I’m not quite sure why I didn’t rave about Black String’s debut album Mask Dance when it came out in 2017. Listening to Karma, their follow-up studio album on ACT records due to be released on 27 September 2019, I’m finding it compelling listening. And returning to Mask Dance now I’m seeing it in a new light and wondering why I pretty much ignored it at the time (until it won won the Asia and Pacific category Songlines Magazine Music Award last year).
Karma grabs your attention from the very opening bars of the first track, with Heo Yoon-jeong’s geomungo setting up a lilting 8+7 beats in a bar as Hwang Min-wang’s janggu gently taps a rhythm with Jean Oh’s guitar respectfully commenting in the background, before Lee Aram’s flute enters to take up the melody. The recording is spacious, giving the instruments plenty of room to breathe, and as the volume gradually swells, with the percussion becoming increasingly bhangra-tinged, you know you’re in for an interesting ride for the rest of the album.
Karma spans a number of styles, from Korean folk to jazz via something more Middle Eastern or Indian. The second track, Hanging Gardens of Bablyon, has yanggeum and taepyeongso sounding uncharacteristically Mesopotamian, while the tuning temperament in the opening bars of the third track, Elevation of Light, sounds like it was picked up somewhere along the Silk Road. Vietnamese guitarist Nguyên Lê guests on this track plus Song of the Sea, which includes some plaintive vocals from percussionist Hwang Min-wang.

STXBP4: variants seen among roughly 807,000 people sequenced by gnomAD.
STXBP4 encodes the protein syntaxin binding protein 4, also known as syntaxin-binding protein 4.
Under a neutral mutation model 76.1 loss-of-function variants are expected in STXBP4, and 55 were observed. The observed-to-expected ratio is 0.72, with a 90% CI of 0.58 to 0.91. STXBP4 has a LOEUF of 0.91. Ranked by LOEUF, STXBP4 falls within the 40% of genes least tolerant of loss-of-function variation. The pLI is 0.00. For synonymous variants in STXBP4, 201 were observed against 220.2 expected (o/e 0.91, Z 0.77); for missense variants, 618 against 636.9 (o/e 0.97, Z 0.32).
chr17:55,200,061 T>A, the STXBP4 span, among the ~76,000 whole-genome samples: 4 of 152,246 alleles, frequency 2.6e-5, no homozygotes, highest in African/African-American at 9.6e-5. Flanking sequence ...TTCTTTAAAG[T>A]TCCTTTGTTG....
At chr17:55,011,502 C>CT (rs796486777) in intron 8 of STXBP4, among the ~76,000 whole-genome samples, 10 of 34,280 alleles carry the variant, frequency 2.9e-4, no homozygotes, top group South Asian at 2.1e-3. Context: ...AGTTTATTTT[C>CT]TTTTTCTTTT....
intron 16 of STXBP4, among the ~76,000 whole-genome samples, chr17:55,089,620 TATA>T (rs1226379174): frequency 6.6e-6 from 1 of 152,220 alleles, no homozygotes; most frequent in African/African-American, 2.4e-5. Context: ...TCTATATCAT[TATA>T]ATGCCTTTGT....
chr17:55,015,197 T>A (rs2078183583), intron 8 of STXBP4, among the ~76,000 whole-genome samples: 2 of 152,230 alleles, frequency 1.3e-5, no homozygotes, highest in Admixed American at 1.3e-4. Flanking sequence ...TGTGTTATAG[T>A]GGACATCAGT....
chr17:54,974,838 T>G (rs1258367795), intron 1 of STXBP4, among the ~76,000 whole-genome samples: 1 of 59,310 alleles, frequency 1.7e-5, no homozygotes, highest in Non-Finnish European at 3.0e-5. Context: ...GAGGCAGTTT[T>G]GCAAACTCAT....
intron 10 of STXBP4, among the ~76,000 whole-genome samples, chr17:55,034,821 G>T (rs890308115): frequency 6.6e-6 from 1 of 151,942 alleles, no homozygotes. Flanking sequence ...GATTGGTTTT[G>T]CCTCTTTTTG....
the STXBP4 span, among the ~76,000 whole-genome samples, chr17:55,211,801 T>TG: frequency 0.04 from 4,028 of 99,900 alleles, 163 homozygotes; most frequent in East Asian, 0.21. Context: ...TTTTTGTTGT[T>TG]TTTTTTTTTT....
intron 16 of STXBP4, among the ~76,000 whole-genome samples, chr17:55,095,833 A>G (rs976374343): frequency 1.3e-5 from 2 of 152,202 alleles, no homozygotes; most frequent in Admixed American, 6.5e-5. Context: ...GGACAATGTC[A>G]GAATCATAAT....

Some of the music is also rock-influenced, and the fifth track, Exit Music (For A Film), is an interesting cover version of a track from Radiohead’s OK Computer. The propulsive, lively pansori-style singing in Exhale-Puri is contrasted with the mysteriously hypnotic sounds in the title track Karma. We are back in a more traditional Korean soundworld for Beating Road, until, around three quarters of the way through, the guitar emerges through the texture to take the track in a completely different, rock-infused direction. To close the disc, Blue Shade again opens mysteriously, with low guitar notes sounding like a distant ship’s foghorn which gradually gets louder and more raucous as the flute plays blue notes over the top. Here the rhythms are so complex that I can’t figure out how many beats in a bar there are. But it doesn’t matter: you just go with the flow.
Altogether this is an exciting, well-balanced release which places Black String alongside Jambinai as the standard-bearers of a movement that is bringing traditional Korean instruments and rhythms into a fruitful dialogue with international styles and winning new audiences. Good as the recording is, this is an album that cries out to be heard live. One hopes that many of the tracks will be featured in Black String’s gig on 18 November 2019 at the Purcell Room – a concert that features in the London Jazz Festival lineup as well as being the closing gig of K-music 2019. Don’t miss it.
Thanks to ACT Records for the unsolicited and unexpected review copy which was gratefully received.